Barry O'Farrell says he isn't penalising responsible drinkers

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The NSW government’s package of liquor regulation has met with strong criticism from operators, drinkers and freedom advocates.

Premier Barry O’Farrell announced on Tuesday that 1.30am lockouts and 3am “last drinks” will be imposed on most venues in Sydney’s CBD. In a statewide crackdown, bottle shops will also be forced to close at 10pm.

In addition, mandatory minimum sentences of eight years will apply for anyone convicted of a one-punch assault occasioning death. The maximum penalty will be 20 years, but will be extended to 25 years where drugs or alcohol are involved.

The licensing restrictions will be imposed across an expanded Sydney precinct that takes in most of the CBD, Kings Cross and Oxford Street. Barangaroo and the Star casino are not included in the zone.

The conditions are similar to the so-called “Newcastle solution” which has been heralded as reducing violent incidents in the northern city.

Announcing the suite of measures on Tuesday, the premier said a recent spate of alcohol-related violence required a “concerted effort by government and its agencies, by the alcohol industry and by the community”. He said the package announced this week would “make the difference and start the change”.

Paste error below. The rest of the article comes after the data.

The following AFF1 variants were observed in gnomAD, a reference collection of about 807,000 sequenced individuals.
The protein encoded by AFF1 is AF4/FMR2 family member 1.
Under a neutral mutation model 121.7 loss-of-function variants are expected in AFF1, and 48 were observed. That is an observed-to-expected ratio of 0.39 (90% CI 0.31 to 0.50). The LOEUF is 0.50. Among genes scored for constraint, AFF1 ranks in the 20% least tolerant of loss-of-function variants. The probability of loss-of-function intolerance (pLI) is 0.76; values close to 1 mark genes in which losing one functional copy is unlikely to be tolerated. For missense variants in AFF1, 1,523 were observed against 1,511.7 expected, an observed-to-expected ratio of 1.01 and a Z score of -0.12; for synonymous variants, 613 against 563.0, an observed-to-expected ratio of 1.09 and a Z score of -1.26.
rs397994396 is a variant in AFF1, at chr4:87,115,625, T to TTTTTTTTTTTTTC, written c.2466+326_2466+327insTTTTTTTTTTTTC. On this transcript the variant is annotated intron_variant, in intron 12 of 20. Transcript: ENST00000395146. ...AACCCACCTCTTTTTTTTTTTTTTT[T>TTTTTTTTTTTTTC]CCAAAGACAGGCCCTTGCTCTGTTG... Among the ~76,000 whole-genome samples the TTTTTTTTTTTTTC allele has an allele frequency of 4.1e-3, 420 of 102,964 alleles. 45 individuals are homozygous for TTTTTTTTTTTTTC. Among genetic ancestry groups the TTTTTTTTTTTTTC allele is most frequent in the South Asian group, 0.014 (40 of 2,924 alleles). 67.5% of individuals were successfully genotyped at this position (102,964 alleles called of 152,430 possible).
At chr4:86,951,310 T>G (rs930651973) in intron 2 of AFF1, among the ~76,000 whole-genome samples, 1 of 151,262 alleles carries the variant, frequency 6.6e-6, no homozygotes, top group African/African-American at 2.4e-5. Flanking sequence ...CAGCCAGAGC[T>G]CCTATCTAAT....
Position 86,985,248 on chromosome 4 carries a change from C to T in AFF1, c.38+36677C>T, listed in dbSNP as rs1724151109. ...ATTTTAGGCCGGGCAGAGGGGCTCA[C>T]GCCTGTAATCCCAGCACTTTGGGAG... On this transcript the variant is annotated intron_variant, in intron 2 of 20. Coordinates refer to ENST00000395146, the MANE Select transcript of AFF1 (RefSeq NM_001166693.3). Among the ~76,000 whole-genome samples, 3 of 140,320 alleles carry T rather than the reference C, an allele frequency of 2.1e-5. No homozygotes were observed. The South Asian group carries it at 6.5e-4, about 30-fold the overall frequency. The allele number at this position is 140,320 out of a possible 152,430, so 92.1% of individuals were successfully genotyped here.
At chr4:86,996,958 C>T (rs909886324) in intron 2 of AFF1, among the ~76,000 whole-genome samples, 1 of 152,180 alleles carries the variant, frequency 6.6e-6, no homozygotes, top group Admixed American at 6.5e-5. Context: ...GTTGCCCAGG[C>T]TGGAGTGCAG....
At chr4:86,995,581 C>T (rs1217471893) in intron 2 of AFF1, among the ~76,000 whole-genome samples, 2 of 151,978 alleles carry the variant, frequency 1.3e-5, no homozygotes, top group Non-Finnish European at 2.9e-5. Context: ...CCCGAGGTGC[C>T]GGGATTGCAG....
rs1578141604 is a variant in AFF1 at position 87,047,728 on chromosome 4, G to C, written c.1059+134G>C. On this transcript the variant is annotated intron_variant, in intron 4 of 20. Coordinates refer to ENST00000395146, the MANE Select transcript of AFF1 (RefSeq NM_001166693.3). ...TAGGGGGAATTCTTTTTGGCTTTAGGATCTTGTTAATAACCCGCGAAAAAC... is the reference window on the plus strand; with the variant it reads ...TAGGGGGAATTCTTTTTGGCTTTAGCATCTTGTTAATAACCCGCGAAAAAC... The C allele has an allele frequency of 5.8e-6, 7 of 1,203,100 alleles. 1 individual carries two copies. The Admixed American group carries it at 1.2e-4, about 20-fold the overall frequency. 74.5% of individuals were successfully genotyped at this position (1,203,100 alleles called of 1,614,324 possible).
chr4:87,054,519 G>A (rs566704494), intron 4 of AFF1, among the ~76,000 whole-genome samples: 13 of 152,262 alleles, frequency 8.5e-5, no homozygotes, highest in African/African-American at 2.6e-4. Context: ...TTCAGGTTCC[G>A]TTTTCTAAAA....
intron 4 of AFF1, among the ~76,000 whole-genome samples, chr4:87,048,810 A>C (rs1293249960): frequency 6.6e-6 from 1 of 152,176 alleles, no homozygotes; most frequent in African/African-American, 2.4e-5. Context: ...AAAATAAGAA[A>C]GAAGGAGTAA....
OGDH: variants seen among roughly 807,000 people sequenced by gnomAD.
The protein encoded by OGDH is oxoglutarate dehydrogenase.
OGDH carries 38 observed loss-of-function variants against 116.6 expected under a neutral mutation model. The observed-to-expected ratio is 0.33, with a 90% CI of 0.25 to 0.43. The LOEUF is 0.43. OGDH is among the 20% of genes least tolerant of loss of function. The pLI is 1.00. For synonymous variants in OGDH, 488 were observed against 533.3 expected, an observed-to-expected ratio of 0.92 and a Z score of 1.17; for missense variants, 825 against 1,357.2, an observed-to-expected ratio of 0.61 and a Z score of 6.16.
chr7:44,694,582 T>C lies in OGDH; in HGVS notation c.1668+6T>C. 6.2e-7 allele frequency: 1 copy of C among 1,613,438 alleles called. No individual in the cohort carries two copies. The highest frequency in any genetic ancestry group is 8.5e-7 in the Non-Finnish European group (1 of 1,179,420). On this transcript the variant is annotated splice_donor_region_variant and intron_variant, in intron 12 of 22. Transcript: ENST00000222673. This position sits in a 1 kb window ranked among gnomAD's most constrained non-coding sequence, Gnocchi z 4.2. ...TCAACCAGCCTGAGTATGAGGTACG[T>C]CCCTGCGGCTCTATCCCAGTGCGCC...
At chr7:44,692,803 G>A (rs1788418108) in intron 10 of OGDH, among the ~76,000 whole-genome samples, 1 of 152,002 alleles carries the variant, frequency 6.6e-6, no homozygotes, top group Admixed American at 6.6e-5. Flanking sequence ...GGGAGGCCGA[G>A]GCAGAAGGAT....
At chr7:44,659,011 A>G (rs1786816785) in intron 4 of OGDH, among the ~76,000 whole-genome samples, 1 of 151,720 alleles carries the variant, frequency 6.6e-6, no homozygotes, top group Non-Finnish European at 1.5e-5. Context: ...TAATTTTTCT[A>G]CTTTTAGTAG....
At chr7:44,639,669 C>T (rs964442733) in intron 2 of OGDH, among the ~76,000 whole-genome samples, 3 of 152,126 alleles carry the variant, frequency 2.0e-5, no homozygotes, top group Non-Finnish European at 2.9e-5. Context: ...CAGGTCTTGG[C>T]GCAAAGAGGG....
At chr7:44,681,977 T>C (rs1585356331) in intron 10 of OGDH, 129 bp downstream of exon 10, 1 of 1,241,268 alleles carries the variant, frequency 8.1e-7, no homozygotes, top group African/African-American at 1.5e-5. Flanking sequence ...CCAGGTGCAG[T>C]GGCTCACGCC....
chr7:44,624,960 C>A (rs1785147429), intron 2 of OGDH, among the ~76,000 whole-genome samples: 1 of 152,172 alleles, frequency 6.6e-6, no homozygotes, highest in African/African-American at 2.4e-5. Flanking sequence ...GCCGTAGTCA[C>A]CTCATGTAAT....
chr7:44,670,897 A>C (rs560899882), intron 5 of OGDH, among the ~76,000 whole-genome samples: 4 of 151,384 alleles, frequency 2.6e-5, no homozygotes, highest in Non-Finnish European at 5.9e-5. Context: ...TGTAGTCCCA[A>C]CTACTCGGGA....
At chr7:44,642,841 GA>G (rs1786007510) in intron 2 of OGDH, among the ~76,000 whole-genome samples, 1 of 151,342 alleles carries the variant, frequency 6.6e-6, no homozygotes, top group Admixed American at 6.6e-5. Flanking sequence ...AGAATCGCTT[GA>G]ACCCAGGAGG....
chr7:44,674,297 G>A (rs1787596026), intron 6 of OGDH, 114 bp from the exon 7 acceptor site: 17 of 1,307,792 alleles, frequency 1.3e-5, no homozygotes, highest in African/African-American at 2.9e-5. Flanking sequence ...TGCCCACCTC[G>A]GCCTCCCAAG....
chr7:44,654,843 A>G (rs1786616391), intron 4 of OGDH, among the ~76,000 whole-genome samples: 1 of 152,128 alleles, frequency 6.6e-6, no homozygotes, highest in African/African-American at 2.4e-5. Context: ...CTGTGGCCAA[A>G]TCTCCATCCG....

“We’re sending a message today that misuse and abuse of alcohol and drugs are going to be less tolerated,” Mr O’Farrell said.

The premier said small bars and restaurants would be exempt from lockouts and last-drinks restrictions. But only a handful of bars are classed under the government’s new “small bar” licence for venues with a capacity of less than 60 patrons. Most smaller bars, which have capacity of up to 120, come under the regular bar licence.

“This is not about penalising responsible drinkers,” Mr O’Farrell said.

But the announcement sparked a barrage of resistance from patrons, musicians and operators who felt they were being penalised.

“Limiting choice for everyone is an absurd reaction. We don’t do it in any other field,” said Dan Nolan, a developer and entrepreneur who patronises venues in the CBD and Surry Hills.

“Internationally it makes us a joke. The only other city that does something similar is San Francisco and it is widely reviled for it.”

Henry Ho, licensee at Charlie Chan’s Bar on George Street, said the changes would have a huge impact, particularly on tourism.

“We close at 6am. Our peak hours are from 3 o’clock onwards. What will they do? Drink water?” he asked. “Sydney will become like a country town.”

Stephan Gyory of the 2010 Business Partnership said the laws would punish the wrong people.

“It’s the bozos doing it, not the venues,” he told City News. “It’s a collective punishment for everyone, not just the nutcases.”

Incoming Freedom Commissioner Tim Wilson condemned the policy as disappointing.

“Stopping street violence is not achieved through arbitrary restrictions on the individual liberty of law-abiding citizens in the hope that it may reduce criminal behaviour amongst a small number of individuals,” he said.

Mr Wilson noted that non-domestic assaults in Kings Cross are not rising, and said the lockout policy had previously failed in Victoria.

Mr O’Farrell will also increase penalties for offences such as using “offensive language” ($500) and supplying illegal steroids (up to 25 years imprisonment).

Paul Gregoire contributed reporting